The Sabbath is here, and it has now been a week now since the devastating windy rains blew off the roof to their church building. But with no alternative to it, believers at Ngodzi Seventh-Day Adventist Church in Salima still flock to the beleaguered structure for their prayers.
The church is located about 300 meters at Mpitilira Turn Off, just before Ngodzi Trading Centre along the Salima-Balaka road.
That just a week before they had their church service curtailed midway due to the rain storm that caused havoc around the area seem not to be in their memory again. The faithful rejoice in their choruses and hymns; praising their Maker in everything.
One just had to see the beaming confidence on their faces; so inspiring!
This, despite their muddy feet; either collected from the rains that had been falling in the run up to the Sabbath, or the floor that continues to be pounded by the rains falling almost on daily basis.
The church was built with un-burnt bricks, with clay smeared on the ground to act as a ‘cemented’ floor. The seats too, are made of mounds of bricks, ‘plastered’ by the same clay.
The Department of Climate Change and Meteorological Services predicts heavy rains to continue until end of March, at least. Holding all factors constant, this shall mean more possible damage to the church, homes and their fields where most of the community members get their livelihood.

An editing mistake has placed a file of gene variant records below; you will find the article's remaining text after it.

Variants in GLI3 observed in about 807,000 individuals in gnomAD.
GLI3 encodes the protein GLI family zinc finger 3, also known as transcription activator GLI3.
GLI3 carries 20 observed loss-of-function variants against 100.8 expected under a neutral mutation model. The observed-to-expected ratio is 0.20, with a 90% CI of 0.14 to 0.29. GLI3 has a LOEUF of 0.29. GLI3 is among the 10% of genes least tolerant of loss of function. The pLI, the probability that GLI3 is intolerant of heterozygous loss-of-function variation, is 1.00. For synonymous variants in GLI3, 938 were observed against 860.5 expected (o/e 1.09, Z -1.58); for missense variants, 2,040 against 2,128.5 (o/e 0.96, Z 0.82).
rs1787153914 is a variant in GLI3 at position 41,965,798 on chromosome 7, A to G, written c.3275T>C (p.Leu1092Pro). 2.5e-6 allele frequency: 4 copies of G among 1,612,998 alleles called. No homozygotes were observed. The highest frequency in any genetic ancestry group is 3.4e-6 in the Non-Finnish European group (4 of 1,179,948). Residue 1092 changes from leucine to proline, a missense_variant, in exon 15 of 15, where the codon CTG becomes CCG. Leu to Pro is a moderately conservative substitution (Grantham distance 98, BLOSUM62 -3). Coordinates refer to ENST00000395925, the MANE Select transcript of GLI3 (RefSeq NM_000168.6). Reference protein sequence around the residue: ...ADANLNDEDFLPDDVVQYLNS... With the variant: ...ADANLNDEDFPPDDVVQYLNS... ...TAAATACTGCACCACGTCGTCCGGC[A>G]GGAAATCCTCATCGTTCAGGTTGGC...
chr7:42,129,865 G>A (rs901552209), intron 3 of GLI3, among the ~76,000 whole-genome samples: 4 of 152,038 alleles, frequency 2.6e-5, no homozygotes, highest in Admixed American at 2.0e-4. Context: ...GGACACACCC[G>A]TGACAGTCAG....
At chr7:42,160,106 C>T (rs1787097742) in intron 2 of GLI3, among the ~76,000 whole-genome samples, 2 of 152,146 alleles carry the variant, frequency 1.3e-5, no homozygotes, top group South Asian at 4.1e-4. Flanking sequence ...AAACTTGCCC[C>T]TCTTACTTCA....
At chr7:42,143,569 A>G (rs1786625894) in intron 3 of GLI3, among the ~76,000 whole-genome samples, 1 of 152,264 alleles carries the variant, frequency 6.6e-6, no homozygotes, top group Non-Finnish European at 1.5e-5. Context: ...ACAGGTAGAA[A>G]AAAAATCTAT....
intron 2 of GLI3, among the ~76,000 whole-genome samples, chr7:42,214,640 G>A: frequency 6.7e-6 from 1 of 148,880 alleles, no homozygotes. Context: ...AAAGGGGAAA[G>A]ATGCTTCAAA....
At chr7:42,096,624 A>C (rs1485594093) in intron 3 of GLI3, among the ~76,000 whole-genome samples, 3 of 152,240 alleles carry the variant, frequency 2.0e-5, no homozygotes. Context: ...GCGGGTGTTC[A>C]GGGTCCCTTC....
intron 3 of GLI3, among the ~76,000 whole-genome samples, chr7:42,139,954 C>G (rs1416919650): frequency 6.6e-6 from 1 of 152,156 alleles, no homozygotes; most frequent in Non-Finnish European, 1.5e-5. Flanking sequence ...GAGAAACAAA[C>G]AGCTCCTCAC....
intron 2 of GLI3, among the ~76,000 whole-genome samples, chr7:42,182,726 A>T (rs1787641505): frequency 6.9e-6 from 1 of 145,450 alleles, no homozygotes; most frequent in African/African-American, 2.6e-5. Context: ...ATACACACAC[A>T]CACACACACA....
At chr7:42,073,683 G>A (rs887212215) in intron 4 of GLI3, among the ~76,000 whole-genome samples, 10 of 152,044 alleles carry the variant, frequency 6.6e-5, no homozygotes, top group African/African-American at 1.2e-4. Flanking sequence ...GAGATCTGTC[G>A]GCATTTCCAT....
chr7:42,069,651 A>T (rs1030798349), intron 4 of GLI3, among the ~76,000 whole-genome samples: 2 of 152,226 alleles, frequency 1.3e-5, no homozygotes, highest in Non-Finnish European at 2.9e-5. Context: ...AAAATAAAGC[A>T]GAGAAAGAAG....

Still, they came for worship. Their determination to honour the day is as strong as ever. ”Thus saith the Lord” remains the zeal behind their resolve.
“Actually, it’s a relatively new church. I have been congregating there for my first two years before I moved to Chipoka [SDA church], said Yamikani Dzanja, a communications’ secretary at the latter.
Nevertheless, Church Elder John Mateka casts a dejected figure as the sunsets on Sabbath, signaling the end of the worship service.
“We have tried all we could; this is the best we can muster as a church but if we had a choice, we could have easily opted for a new church building altogether.”
We need more help, and urgent help for that matter. We just can’t afford to see the labour invested here to reap more souls wasted.” Mateka said.
And it doesn’t help to note that the area is surrounded my Moslems. Word has it that the community keeps the calls coming to have the land confiscated from the church. It is not welcome there among the Chituwire, Manda and Madiyericommunities; so they say.
But truth has never been popular, or has it? The global church has been full of such adverse encounters. Still it triumphs. But the congregants have a reason for concern on this one case.
The church elder bears it all: “Of course there is also a need to lease the land, otherwise people around may get what they wanted by taking over this land should nothing happens very urgently.”
They are no more than twenty active believers there but their strength lies in their togetherness. The faith from this is what has driven the church to make strides in reaching out to the community in various ways.
Such strength led to the maintenance of the church roof; and that damaged house of their Literature Evangelist to the extent that he has since returned ‘home’. He is now back in the house following the congregation’s collective efforts to have it maintained. But the scars of the rain storm remain.
So far, they have some burnt bricks ready. Only moral and some material support needed.
The keep the faith and hence sounding the calls louder each day!